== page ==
IN THE TRIAL CHAMBER

Before: Judge Adolphus G. Karibi-Whyte, Presiding

Judge Elizabeth Odio Benito

Judge Saad Saood Jan

Registrar:Mrs. Dorothee de Sampayo Garrido-Nijgh

Decision of: 4 February 1998

PROSECUTOR

v.

ZEJNIL DELALIC
ZDRAVKO MUCIC also known as "PAVO"
HAZIM DELIC
ESAD LANDZO also known as "ZENGA"

_____________________________________________________________________

DECISION ON THE PROSECUTION’S MOTION FOR AN ORDER
REQUIRING ADVANCE DISCLOSURE OF WITNESSES BY THE DEFENCE

_____________________________________________________________________

The Office of the Prosecutor:

Mr. Grant Niemann
Ms. Teresa McHenry
Mr. Giuliano Turone

Counsel for the Accused:

Ms. Edina Residovic, Mr. Ekrem Galijatovic, Mr. Eugene O’Sullivan, for Zejnil Delalic
Mr. Zeljko Olujic, Mr. Michael Greaves, for Zdravko Mucic
Mr. Salih Karabdic, Mr. Thomas Moran, for Hazim Delic
Mr. John Ackerman, Ms. Cynthia McMurrey, for Esad Landzo

 

I. INTRODUCTION

Pending before this Trial Chamber of the International Tribunal for the Prosecution of Persons Responsible for Serious Violations of International Humanitarian Law Committed in the Territory of the former Yugoslavia since 1991 ("International Tribunal") is a motion for an order requiring advance disclosure of witnesses by the Defence, filed 10 December 1997, by the Office of the Prosecutor ("Prosecution"), (Official Record at Registry Page ("RP") D5364 - D5368), ("Motion").

On 12 January 1998 at a hearing of this Trial Chamber ("Hearing") , the Prosecution and Counsel for each of the accused ("Defence") made oral submissions whilst speaking to the Motion. At the conclusion of the Hearing the Trial Chamber issued an oral decision granting the Motion and reserved its reasons to a written decision, to be rendered at a later date.

THE TRIAL CHAMBER, HAVING CONSIDERED the Motion and the oral submissions of the Prosecution and the Defence at the Hearing,

HEREBY ISSUES ITS WRITTEN DECISION.

II. DISCUSSION

A. Applicable Provisions

1. The following provisions of the Statute of the International Tribunal ("Statute") and the Rules of Procedure and Evidence of the International Tribunal ("Rules") are relevant to the ensuing discussion:

Article 20

Commencement and conduct of trial proceedings

1. The Trial Chambers shall ensure that a trial is fair and expeditious and that proceedings are conducted in accordance with the rules of procedure and evidence, with full respect for the rights of the accused and due regard for the protection of victims and witnesses.

Article 21

Rights of the accused

1. All persons shall be equal before the International Tribunal.

2. In the determination of charges against him, the accused shall be entitled to a fair and public hearing, subject to article 22 of the Statute.

3. The accused shall be presumed innocent until proved guilty according to the provisions of the present Statute.

4. In the determination of any charge against the accused pursuant to the present Statute, the accused shall be entitled to the following minimum guarantees, in full equality:

(a) to be informed promptly and in detail in a language which he understands of the nature and cause of the charge against him;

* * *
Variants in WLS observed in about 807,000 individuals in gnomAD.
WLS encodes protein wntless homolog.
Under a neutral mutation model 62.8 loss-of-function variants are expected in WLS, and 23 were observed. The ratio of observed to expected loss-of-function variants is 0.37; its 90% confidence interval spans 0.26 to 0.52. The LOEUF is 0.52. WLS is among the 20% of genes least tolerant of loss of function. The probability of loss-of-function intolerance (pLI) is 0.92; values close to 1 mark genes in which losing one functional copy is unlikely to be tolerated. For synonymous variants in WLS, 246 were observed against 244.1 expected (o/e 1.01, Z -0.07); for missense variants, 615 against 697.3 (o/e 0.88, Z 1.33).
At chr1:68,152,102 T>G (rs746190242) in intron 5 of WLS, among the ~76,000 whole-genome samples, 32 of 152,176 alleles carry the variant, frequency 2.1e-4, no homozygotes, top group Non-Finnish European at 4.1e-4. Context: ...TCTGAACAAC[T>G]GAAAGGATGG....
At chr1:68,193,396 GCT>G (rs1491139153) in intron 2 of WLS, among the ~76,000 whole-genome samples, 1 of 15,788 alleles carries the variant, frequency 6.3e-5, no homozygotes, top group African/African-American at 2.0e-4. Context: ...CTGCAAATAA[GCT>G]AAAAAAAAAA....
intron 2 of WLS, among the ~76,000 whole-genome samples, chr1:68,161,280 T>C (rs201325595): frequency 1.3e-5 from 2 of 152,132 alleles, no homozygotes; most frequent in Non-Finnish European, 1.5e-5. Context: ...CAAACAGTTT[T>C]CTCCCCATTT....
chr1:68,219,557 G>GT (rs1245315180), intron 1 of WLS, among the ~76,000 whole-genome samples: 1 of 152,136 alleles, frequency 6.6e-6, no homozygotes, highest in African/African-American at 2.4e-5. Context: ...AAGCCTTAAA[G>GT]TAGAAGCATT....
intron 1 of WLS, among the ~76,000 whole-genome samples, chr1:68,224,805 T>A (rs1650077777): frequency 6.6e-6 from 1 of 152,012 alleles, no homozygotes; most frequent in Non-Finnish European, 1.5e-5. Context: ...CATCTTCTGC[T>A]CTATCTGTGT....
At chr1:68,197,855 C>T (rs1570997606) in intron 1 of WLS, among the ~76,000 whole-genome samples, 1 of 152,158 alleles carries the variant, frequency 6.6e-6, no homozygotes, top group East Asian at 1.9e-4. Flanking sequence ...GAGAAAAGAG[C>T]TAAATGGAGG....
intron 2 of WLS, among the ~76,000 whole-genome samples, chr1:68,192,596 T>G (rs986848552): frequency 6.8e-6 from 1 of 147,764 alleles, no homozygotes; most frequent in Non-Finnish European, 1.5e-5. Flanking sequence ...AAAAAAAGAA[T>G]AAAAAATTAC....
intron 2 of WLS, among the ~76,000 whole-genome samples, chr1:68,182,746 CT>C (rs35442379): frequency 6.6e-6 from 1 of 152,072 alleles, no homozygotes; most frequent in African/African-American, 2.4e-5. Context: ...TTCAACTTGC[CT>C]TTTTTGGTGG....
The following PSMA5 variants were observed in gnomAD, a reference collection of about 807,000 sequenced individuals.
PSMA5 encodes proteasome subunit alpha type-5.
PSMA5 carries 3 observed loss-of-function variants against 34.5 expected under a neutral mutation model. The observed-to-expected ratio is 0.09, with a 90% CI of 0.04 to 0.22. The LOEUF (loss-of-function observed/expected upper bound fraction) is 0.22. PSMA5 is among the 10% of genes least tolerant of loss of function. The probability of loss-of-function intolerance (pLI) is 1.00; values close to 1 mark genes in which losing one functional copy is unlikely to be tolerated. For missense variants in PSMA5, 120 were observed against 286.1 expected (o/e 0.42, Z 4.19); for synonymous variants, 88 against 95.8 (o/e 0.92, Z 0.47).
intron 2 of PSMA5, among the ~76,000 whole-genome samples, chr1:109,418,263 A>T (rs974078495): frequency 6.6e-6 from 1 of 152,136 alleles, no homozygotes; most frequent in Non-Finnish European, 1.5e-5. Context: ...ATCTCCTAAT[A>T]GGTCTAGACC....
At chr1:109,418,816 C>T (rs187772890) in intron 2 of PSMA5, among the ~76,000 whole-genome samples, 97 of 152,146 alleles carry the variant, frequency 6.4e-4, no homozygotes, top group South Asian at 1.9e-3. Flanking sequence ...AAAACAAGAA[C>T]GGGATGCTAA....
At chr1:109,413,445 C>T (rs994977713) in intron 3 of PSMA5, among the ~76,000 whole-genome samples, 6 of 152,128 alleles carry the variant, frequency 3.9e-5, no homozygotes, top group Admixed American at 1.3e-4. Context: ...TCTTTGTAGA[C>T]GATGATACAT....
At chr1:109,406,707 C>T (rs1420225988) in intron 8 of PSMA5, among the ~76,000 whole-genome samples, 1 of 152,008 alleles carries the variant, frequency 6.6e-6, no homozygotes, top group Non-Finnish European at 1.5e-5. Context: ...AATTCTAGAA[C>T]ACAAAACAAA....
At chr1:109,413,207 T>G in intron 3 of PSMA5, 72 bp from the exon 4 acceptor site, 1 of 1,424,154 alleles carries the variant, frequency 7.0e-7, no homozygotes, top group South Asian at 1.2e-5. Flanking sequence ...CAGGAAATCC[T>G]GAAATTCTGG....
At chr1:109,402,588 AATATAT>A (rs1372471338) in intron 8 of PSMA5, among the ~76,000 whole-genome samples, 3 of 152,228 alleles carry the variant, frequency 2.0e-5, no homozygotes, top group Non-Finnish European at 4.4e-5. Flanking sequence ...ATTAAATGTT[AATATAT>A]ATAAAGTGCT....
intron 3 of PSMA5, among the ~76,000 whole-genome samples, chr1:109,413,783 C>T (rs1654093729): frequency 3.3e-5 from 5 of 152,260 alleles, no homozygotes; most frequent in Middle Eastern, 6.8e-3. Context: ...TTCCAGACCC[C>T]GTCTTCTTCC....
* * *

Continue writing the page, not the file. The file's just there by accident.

(b) to have adequate time and facilities for the preparation of his defence and to communicate with counsel of his own choosing;

(c) to be tried without undue delay;

(d) to be tried in his presence, and to defend himself in person or through legal assistance of his own choosing; to be informed, if he does not have legal assistance, of this right; and to have legal assistance assigned to him, in any case where the interests of justice so require, and without payment by him in any such case if he does not have sufficient means to pay for it;

(e) to examine, or have examined, the witnesses against him and to obtain the attendance and examination of witnesses on his behalf under the same conditions as witnesses against him;

(f) to have the free assistance of an interpreter if he cannot understand or speak the language used in the International Tribunal;

(g) not to be compelled to testify against himself or to confess guilt.

 

Rule 54

General Rule

At the request of either party or proprio motu, a Judge or a Trial Chamber may issue such orders, summonses, subpoenas, warrants and transfer orders as may be necessary for the purposes of an investigation or for the preparation or conduct of the trial.

Rule 67

Reciprocal Disclosure

(A) As early as reasonably practicable and in any event prior to the commencement of the trial:

(i) the Prosecutor shall notify the defence of the names of the witnesses that he intends to call in proof of the guilt of the accused and in rebuttal of any defence plea of which the Prosecutor has received notice in accordance with Sub-rule (ii) below;

(ii) the defence shall notify the Prosecutor of its intent to offer:

(a) the defence of alibi; in which case the notification shall specify the place or places at which the accused claims to have been present at the time of the alleged crime and the names and addresses of witnesses and any other evidence upon which the accused intends to rely to establish the alibi;

(b) any special defence, including that of diminished or lack of mental responsibility; in which case the notification shall specify the names and addresses of witnesses and any other evidence upon which the accused intends to rely to establish the special defence.

(B) Failure of the defence to provide notice under this Rule shall not limit the right of the accused to testify on the above defences.

 

B. Pleadings

1. The Prosecution

2. The Prosecution concedes and accepts that there is no obligation under the Rules on the part of the Defence, before the commencement of the trial to notify the Prosecution of the witnesses it intends to call at the trial. There is, however, a mandatory requirement to do so where the Defence relies on the defences prescribed in Sub-rules 67(A)(i) and (ii).